The TB6612FNG is a all in one motor controller chip from Toshiba. It allows one to control up to two DC motors. Sparkfun is offering a ready-to-use breadboard version of this chip which breaks out all the pins of the TB6612FNG to breadboard friendly 2,54mm pins.
In this article I am going to briefly describe how the TB6612FNG is used (without a micro controller). For a more advanced example see the article on how to use the TB6612FNG together with a STM32 Discovery board.
The main features of the TB6612FNG are:
- Logic power supply can be operated between 2.7 and 5.5 V.
- Motor power supply can be operated with up to 15V at a average current of 1.2A and a peak of 3.2A.
- Standby control to save power.
- Each motor can be controlled through a H-Bridge to move clock-wise, counter-clock-wise, break or float.
- The speed of each motor is controllable trough PWM signals.
The TB6612FNG needs two power supplies. One for the logic levels connected to the VCC pin, and one to supply the motors on the VM pin. Both power supplies share a common ground on the GND pin. The motors A and B are connected to the AO1/2 and BO1/2 pins of the chip.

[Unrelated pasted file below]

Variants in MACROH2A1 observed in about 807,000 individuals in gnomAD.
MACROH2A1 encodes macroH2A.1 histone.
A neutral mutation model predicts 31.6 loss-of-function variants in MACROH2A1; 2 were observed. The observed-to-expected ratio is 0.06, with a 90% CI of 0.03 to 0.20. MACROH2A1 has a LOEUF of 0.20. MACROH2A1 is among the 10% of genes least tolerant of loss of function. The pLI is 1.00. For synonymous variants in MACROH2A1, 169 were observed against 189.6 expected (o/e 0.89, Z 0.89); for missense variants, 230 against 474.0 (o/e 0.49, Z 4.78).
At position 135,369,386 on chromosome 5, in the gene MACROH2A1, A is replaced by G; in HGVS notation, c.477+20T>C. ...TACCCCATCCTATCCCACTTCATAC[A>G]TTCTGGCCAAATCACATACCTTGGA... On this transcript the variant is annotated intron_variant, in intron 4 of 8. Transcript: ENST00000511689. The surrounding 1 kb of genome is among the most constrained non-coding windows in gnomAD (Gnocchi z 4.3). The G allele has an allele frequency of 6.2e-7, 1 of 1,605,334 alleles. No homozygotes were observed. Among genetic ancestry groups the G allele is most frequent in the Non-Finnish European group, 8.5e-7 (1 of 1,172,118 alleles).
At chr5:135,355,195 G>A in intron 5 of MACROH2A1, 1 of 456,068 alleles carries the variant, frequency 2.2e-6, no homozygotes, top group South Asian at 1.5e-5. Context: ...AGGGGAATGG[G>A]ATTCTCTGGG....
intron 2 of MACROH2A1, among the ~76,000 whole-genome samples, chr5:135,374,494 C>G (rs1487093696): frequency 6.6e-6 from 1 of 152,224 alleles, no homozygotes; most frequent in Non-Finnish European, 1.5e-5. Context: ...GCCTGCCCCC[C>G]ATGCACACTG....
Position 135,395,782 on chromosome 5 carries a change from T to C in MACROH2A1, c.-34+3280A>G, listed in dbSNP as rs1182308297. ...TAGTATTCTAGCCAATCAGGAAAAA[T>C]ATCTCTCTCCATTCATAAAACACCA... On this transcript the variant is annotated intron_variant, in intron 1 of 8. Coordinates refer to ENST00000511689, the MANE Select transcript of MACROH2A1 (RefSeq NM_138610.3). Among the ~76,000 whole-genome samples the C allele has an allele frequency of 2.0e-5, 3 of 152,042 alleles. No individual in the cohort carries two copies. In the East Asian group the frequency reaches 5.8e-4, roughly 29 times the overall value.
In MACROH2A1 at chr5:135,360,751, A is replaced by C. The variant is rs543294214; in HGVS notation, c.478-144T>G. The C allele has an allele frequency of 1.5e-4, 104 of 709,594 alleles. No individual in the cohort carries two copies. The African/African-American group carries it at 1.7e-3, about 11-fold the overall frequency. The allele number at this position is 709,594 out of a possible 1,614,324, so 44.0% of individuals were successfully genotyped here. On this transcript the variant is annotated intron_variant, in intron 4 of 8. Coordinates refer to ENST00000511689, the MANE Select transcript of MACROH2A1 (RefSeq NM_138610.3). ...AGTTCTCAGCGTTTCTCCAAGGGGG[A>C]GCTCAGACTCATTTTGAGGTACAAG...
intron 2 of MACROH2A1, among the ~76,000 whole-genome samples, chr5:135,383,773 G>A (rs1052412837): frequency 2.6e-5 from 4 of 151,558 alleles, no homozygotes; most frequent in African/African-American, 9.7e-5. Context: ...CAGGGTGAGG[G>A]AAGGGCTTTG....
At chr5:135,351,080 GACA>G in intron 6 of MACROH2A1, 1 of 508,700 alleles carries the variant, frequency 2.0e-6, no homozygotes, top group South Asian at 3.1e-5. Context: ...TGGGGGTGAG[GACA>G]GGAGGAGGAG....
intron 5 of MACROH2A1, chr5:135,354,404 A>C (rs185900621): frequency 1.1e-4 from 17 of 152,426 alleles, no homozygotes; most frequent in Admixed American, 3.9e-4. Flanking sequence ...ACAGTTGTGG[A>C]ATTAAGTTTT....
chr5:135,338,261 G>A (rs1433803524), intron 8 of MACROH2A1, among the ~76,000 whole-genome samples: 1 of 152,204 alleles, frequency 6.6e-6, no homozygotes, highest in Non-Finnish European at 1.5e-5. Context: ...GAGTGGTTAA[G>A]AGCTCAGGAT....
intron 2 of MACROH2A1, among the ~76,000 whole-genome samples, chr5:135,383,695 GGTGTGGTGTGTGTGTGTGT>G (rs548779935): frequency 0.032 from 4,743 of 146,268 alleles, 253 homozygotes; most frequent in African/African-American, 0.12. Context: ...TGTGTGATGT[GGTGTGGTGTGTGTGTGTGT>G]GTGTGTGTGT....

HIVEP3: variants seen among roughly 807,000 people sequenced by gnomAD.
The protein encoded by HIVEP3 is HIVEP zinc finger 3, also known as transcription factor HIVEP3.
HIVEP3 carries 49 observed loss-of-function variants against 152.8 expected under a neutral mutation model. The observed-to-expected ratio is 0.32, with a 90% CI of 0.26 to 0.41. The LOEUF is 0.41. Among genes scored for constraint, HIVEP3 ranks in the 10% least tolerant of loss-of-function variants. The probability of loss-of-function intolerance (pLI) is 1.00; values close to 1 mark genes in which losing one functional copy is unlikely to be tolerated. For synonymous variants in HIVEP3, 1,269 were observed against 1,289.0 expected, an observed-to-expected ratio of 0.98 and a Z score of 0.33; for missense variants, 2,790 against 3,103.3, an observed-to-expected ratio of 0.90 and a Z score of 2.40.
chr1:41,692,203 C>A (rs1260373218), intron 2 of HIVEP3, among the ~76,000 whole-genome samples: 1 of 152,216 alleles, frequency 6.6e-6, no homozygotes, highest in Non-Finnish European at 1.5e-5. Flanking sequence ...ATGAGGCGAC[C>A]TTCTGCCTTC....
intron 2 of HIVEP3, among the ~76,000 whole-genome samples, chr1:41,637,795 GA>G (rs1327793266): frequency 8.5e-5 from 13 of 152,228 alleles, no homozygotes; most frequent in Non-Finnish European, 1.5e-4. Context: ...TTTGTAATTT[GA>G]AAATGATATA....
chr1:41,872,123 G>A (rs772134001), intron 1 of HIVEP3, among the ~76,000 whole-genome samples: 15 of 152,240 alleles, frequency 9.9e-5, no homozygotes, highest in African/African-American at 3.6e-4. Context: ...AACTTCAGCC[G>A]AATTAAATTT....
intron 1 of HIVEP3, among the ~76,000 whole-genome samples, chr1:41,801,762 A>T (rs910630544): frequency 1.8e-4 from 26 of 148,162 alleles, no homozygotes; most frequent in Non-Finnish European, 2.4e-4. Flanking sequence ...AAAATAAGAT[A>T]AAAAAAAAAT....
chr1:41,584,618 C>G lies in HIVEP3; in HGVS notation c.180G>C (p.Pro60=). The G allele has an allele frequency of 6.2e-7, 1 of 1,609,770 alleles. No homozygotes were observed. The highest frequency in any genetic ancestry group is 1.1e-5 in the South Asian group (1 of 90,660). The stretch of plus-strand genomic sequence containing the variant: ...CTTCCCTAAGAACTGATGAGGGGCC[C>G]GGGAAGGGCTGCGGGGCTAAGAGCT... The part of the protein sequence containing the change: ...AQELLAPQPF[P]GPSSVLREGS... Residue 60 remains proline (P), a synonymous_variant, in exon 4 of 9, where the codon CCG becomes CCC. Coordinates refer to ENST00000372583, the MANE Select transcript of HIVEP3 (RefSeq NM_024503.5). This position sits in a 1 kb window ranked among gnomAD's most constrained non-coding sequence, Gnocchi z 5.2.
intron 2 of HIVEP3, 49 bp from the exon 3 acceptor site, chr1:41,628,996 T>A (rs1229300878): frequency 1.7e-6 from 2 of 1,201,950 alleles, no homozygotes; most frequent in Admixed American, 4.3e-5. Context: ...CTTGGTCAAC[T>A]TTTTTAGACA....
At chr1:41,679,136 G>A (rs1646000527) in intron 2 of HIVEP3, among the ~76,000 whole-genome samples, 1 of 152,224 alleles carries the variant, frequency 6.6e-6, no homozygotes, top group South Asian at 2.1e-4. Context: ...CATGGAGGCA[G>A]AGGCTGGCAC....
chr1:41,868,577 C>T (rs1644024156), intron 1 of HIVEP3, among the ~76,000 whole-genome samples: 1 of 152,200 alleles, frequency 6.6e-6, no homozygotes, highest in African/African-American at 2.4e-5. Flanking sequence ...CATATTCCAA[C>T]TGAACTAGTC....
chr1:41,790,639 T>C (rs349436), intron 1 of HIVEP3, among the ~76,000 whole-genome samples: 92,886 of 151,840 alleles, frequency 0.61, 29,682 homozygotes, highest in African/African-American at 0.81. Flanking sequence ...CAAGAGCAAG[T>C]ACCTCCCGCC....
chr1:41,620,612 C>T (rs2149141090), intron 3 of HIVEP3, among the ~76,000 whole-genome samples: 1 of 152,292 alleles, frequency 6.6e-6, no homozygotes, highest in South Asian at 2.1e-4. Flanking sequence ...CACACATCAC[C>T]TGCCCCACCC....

To operate the motors, the standby pin (STBY) has to be set to high (if set to low, the driver is in sleep mode). Each motor is controlled trough two input pins (AIN1/2, BIN1/2):
It is possible to use the driver with or without PWM. If the driver is used with PWM, then the PWM of each motor (PWMA, PWMB) has to be connected to a PWM output of your micro controller. The PWM supports a frequency of up to 100kHz.
In the case you don’t need speed control, PWMA and PWMB could be set to constant high. This makes the motors always run at full speed.
Note: All logic input pins use a internal pull-down resistor of 200kOhm. This means they are set to low by default. To drive them high, just supply VCC to them.
4. Minimal Usage Example
The below schematic shows a minimal setup which uses the TB6612FNG to control two DC motors through a set of buttons for each motor. For simplicity, we put standby always to high, as well as the PWMs.
By pressing the buttons corresponding to the inputs on the above table, the operation mode of the motors could be controlled.